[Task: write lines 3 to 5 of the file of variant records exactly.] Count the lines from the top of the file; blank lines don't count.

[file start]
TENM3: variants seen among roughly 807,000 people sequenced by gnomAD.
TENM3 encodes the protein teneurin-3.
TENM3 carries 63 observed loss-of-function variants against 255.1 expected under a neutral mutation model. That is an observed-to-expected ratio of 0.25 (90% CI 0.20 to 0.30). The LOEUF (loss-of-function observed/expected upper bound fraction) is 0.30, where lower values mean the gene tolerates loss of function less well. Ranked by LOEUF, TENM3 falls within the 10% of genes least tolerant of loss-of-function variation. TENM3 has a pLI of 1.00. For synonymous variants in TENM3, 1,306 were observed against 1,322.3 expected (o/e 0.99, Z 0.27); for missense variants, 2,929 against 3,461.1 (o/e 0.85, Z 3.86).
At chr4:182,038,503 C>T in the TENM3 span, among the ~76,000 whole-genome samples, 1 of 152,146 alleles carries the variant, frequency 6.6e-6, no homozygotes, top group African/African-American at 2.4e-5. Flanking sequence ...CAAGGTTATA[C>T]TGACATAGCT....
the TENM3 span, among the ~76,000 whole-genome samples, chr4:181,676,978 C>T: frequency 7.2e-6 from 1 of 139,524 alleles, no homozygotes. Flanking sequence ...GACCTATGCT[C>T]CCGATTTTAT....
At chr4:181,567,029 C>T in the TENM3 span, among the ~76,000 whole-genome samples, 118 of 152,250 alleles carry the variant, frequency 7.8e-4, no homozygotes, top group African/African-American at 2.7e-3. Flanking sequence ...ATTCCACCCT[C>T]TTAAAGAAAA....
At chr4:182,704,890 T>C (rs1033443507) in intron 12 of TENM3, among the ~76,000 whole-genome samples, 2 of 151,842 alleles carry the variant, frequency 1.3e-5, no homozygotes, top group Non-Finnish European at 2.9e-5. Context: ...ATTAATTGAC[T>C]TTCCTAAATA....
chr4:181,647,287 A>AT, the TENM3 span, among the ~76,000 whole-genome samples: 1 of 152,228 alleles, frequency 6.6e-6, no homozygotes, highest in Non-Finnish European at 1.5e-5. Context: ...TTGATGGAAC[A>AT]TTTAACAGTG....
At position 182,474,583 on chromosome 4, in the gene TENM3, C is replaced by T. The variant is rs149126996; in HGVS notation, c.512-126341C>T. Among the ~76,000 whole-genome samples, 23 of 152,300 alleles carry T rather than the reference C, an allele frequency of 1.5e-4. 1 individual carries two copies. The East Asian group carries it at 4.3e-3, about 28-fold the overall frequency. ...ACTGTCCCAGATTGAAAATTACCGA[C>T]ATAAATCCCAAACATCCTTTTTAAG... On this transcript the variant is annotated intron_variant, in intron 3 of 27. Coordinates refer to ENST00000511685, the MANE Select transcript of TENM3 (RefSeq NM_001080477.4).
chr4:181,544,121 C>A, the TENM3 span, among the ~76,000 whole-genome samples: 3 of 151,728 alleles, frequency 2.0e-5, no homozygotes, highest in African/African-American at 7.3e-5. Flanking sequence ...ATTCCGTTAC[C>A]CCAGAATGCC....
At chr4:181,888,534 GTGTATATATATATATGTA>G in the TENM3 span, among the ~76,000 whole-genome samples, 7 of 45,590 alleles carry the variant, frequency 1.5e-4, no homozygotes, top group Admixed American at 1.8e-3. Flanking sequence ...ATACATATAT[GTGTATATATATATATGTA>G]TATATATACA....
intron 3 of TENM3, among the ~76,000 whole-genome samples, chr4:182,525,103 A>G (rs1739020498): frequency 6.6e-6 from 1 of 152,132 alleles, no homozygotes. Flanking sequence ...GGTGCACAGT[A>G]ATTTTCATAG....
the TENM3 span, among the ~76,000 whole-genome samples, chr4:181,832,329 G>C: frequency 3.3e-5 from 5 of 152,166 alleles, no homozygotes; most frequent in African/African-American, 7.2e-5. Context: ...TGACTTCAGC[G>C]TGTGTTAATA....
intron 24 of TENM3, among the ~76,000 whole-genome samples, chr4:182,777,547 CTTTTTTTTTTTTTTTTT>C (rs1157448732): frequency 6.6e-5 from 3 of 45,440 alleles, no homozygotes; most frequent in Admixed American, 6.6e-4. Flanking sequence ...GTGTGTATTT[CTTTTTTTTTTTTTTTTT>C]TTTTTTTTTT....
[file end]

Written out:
TENM3 carries 63 observed loss-of-function variants against 255.1 expected under a neutral mutation model. That is an observed-to-expected ratio of 0.25 (90% CI 0.20 to 0.30). The LOEUF (loss-of-function observed/expected upper bound fraction) is 0.30, where lower values mean the gene tolerates loss of function less well. Ranked by LOEUF, TENM3 falls within the 10% of genes least tolerant of loss-of-function variation. TENM3 has a pLI of 1.00. For synonymous variants in TENM3, 1,306 were observed against 1,322.3 expected (o/e 0.99, Z 0.27); for missense variants, 2,929 against 3,461.1 (o/e 0.85, Z 3.86).
At chr4:182,038,503 C>T in the TENM3 span, among the ~76,000 whole-genome samples, 1 of 152,146 alleles carries the variant, frequency 6.6e-6, no homozygotes, top group African/African-American at 2.4e-5. Flanking sequence ...CAAGGTTATA[C>T]TGACATAGCT....
the TENM3 span, among the ~76,000 whole-genome samples, chr4:181,676,978 C>T: frequency 7.2e-6 from 1 of 139,524 alleles, no homozygotes. Flanking sequence ...GACCTATGCT[C>T]CCGATTTTAT....